Current campus guidelines for any gathering other than academic classes, professional education programs (GTPE), or department meetings are available at

Thursday, February 18 2021
11:00am - 12:00pm
Virtual seminar
For more information:

Dr. Jie He

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El Nino Diversity and Beyond

The School of Earth and Atmospheric Sciences Presents Dr. Shang-Ping Xie, Scripps Institution of Oceanography, University of California San Diego

El Nino Diversity and Beyond

Each El Nino is different, in equatorial sea surface temperature (SST) and teleconnection. El Nino/the Southern Oscillation (ENSO) is often conceptually modeled as a coupled oscillation between central Pacific (Nino4) wind and eastern Pacific SST (Nino3.4) variability. Using satellite observations and ocean model experiments, we show that atmospheric convection and wind variability within the Nino3 region holds the key to El Nino diversity.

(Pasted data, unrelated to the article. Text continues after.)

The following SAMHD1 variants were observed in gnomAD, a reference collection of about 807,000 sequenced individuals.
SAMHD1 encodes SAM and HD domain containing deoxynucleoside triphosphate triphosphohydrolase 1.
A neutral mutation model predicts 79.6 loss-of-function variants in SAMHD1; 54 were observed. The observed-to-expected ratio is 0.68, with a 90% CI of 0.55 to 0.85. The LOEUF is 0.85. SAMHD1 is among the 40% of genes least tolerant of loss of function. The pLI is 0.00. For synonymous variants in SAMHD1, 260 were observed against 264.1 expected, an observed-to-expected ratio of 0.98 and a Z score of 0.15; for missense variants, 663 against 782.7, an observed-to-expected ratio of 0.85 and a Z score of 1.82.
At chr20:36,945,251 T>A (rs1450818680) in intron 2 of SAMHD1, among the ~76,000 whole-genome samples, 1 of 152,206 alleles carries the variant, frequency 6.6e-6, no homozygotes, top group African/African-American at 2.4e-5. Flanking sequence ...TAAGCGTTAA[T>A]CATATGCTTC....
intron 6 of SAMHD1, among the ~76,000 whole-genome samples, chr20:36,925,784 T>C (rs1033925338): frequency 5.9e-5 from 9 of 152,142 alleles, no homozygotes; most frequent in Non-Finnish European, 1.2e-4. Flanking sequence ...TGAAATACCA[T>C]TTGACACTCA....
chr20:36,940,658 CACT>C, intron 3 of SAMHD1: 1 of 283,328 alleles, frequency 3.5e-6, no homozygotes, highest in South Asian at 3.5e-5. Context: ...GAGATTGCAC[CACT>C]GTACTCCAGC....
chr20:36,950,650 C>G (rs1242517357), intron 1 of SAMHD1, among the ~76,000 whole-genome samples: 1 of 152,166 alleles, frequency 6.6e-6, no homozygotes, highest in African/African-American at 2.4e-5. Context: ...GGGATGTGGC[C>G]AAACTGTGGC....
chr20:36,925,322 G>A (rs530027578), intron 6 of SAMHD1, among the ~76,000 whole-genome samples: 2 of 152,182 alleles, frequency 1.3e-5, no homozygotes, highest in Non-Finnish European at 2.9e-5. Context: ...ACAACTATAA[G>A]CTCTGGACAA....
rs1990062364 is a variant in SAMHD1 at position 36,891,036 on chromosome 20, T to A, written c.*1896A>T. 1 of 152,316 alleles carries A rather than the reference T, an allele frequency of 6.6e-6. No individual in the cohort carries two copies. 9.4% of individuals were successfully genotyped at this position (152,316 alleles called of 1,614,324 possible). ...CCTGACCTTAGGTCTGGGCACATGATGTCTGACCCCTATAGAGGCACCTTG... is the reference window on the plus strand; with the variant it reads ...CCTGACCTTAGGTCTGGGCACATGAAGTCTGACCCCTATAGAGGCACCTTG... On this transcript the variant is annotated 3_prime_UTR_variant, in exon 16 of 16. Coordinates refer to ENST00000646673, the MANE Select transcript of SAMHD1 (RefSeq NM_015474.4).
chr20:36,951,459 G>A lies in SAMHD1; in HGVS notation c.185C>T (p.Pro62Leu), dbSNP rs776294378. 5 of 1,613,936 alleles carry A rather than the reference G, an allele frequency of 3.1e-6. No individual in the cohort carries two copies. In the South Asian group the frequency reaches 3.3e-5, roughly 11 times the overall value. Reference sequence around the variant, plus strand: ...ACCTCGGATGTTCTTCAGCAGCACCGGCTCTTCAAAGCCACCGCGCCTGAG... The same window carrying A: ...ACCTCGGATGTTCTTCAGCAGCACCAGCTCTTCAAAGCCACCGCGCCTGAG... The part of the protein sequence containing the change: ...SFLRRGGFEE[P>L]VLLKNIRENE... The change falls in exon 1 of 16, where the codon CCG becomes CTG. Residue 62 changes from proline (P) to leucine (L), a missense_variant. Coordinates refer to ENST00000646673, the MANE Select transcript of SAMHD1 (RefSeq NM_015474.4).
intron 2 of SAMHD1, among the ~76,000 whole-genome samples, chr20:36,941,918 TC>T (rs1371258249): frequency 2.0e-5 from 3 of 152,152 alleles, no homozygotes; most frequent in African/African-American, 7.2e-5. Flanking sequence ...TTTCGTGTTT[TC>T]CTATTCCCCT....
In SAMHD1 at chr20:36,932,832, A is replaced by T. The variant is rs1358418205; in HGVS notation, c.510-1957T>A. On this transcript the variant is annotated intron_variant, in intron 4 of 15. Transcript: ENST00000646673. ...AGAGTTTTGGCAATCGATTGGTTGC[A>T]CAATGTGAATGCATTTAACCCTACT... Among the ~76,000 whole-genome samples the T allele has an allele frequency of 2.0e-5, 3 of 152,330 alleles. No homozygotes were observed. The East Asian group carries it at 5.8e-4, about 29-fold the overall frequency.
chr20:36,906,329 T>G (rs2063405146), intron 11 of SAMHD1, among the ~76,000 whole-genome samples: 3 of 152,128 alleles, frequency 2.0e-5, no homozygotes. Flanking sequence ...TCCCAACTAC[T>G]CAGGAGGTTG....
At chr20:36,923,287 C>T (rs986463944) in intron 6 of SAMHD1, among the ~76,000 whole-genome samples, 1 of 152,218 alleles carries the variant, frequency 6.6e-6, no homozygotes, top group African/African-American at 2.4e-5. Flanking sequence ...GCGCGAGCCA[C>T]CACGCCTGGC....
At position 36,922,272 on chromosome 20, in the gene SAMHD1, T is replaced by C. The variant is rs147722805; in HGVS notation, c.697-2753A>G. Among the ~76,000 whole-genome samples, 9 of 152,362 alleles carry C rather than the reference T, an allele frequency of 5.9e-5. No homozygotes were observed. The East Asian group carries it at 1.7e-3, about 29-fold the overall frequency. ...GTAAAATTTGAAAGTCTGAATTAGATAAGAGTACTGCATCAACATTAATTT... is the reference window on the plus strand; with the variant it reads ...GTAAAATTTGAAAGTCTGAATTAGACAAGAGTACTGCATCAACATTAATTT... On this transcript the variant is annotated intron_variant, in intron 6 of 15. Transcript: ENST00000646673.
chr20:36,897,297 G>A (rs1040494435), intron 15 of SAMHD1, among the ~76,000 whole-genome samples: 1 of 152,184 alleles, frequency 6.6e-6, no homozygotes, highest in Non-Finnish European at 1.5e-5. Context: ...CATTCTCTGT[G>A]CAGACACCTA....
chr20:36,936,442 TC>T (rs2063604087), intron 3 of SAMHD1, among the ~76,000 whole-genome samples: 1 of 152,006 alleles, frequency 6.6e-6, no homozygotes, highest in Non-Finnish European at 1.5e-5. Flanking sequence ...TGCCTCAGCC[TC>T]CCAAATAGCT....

Historically the term of El Nino evolved from referring to a local coastal warming off Peru to a Pacific-wide phenomenon of global influence. In March 2017, a major coastal El Nino took place off Peru while much of the equatorial Pacific was in a La Nina state. Likewise on the other side the Pacific, a record Indian Ocean dipole took place in September 2019 while Nino3 SST was close to normal. These are some recent examples of extreme events that deviate markedly from canonical ENSO behavior. Understanding the physical causes of such extreme events is crucial to improving climate prediction.


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